Oak trees are common shade and street trees that grow 20 to 100 feet tall, depending on the species, which include evergreen and deciduous. Oak trees produce acorns, which provides food for birds, squirrels, deer and other wildlife. Although many pests attack oak trees, usually only immature or small trees suffer severe damage. Insecticides can help control or eliminate pests.
Borers generally attack stressed or diseased oak trees. Roundheaded borers (Ceramdycidae spp.) are the larvae of longhorned beetles and have segmented whitish bodies. They penetrate deeply into the wood of oak trees while feeding. Flatheaded borers (Buprestidae spp.) have segmented pinkish bodies and are the larvae of metallic woodborers. They tunnel meandering trails in the cambium just under the bark as they feed.
Since cankerworms move in a looping manner, they also are called loopers or inchworms. They have green, black or reddish-brown bodies with one or more stripes of white, green or black. They are the larvae of wingless tan or grayish-brown moths. Paleacrita vernata larvae hatch in the spring, and Alsophila pometaria hatch in the fall.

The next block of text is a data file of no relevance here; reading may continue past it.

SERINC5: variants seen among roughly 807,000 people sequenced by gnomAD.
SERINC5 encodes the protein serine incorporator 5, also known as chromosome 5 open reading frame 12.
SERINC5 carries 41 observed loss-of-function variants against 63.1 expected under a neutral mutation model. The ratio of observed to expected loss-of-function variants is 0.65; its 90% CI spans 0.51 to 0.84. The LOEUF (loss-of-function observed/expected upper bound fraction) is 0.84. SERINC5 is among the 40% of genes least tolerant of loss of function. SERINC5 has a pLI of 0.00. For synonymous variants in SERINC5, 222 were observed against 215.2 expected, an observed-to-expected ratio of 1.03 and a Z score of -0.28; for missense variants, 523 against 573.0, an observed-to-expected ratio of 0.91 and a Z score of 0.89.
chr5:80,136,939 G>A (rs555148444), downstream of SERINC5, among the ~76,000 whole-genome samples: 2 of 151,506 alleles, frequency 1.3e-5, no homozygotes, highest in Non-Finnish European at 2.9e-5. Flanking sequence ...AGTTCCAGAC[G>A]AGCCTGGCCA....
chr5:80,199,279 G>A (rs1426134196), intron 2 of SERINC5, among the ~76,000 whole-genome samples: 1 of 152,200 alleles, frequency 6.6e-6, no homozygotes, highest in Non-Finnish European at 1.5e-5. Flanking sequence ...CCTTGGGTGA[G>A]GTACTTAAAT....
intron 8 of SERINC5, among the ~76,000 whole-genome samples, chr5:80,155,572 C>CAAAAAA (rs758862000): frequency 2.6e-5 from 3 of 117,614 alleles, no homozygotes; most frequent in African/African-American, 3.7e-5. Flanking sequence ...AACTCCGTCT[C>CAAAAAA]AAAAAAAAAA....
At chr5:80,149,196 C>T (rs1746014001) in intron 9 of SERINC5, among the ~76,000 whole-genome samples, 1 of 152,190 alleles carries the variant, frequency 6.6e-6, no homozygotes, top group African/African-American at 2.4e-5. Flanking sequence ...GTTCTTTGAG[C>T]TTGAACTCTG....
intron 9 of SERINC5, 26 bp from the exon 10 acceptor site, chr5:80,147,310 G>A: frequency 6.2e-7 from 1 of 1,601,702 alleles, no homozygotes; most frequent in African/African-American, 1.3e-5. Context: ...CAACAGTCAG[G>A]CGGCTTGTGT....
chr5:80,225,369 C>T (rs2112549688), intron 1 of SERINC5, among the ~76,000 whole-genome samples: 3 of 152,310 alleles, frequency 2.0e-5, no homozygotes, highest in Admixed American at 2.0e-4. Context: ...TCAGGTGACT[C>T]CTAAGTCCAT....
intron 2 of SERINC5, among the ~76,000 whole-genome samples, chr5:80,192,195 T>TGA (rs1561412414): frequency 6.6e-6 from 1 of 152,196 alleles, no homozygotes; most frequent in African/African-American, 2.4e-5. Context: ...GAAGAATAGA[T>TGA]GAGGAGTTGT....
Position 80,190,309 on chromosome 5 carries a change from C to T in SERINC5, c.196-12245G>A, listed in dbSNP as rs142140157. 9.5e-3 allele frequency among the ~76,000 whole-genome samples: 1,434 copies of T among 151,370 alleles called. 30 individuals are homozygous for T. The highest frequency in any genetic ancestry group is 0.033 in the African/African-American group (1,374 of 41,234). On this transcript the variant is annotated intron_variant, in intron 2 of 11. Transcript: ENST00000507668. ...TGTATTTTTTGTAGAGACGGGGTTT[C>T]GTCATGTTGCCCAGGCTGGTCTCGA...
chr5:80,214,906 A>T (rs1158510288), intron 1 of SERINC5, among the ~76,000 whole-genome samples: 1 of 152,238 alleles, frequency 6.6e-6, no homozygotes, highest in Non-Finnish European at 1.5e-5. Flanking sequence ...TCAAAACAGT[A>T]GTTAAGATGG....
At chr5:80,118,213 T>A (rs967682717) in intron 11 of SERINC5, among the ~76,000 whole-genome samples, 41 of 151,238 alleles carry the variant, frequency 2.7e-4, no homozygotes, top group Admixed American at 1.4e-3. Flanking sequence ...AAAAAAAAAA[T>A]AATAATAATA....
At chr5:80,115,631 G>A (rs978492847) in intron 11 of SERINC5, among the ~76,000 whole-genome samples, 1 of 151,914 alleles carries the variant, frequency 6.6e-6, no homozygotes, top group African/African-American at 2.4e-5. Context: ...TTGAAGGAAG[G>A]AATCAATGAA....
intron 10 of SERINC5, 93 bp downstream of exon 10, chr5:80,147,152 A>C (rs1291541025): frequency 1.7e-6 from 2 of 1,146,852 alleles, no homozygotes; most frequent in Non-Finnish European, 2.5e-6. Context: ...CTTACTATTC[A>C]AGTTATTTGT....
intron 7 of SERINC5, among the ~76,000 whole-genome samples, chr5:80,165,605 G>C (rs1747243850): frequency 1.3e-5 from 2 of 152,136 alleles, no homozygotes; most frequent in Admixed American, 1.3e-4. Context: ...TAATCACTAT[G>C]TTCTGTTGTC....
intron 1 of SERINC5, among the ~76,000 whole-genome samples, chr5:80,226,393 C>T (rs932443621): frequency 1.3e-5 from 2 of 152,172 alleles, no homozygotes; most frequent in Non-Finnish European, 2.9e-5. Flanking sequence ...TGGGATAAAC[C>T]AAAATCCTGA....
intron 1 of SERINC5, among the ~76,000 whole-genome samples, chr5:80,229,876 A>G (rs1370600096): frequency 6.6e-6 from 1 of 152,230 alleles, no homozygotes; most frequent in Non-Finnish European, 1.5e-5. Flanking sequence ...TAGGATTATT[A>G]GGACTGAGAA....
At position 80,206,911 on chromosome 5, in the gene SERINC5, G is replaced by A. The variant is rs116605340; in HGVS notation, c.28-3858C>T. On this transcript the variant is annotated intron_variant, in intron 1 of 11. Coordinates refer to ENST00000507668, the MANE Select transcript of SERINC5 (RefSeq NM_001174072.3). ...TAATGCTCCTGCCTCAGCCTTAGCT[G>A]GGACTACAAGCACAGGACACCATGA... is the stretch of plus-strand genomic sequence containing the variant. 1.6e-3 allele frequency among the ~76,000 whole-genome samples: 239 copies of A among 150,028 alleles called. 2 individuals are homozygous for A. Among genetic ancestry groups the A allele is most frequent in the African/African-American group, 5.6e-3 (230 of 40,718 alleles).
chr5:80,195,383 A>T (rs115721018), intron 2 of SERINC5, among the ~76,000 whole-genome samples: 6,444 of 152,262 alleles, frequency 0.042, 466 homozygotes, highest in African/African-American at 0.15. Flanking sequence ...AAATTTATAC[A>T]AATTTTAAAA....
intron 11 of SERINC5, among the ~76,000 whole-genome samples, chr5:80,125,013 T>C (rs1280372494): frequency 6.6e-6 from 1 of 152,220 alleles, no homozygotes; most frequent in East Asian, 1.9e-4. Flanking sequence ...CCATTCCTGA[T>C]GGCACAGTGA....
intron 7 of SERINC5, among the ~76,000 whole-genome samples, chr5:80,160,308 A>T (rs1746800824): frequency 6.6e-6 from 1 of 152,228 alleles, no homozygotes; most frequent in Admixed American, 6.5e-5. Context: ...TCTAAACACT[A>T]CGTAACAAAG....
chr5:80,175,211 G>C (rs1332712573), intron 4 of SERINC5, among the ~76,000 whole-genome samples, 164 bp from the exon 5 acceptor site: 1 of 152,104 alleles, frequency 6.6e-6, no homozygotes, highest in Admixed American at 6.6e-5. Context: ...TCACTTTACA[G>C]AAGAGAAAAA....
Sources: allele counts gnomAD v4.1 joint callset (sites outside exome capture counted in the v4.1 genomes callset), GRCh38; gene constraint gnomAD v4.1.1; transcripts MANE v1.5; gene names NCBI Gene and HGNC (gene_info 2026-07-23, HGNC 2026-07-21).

Cankerworms chew holes in the leaves of oak trees, often leaving just the midrib. A heavy infestation of cankerworms can destroy all the leaves on a tree. If a tree is completely defoliated several years in a row, it may lose vigor and die.
Gypsy Moth Larvae
The larvae of gypsy moths (Lymantaria dispar) hatch in the spring. They are black with five pairs of blue spots on the front part of their bodies and six pair of red spots on the rear portion. Gypsy moths are whitish or dark brown with black marks.
Gypsy moth larvae feed on the leaves of oak trees during the night and hide during the day. A severe infestation of the larvae can quickly strip a tree of all its foliage. If a tree loses it foliage several years in a row, it may decline and die.
Kermes Scale Nymphs
Two types of kermes scale insects attack oak trees -- pubescent leaf scale (Nanokermes pubescens) and pin oak scale (Allokermes galliformis). Scale insects resemble immobile tan globular specks. The females live on the stems and midribs of the leaves, and the males live on the trunk and main branches.
The nymphs eat the foliage and terminal growth of oak trees. This results in distorted leaves and drooping terminal growth that may drop off the tree. Severe infestations of scale insects can cause reduced growth, yellowing foliage and twig dieback.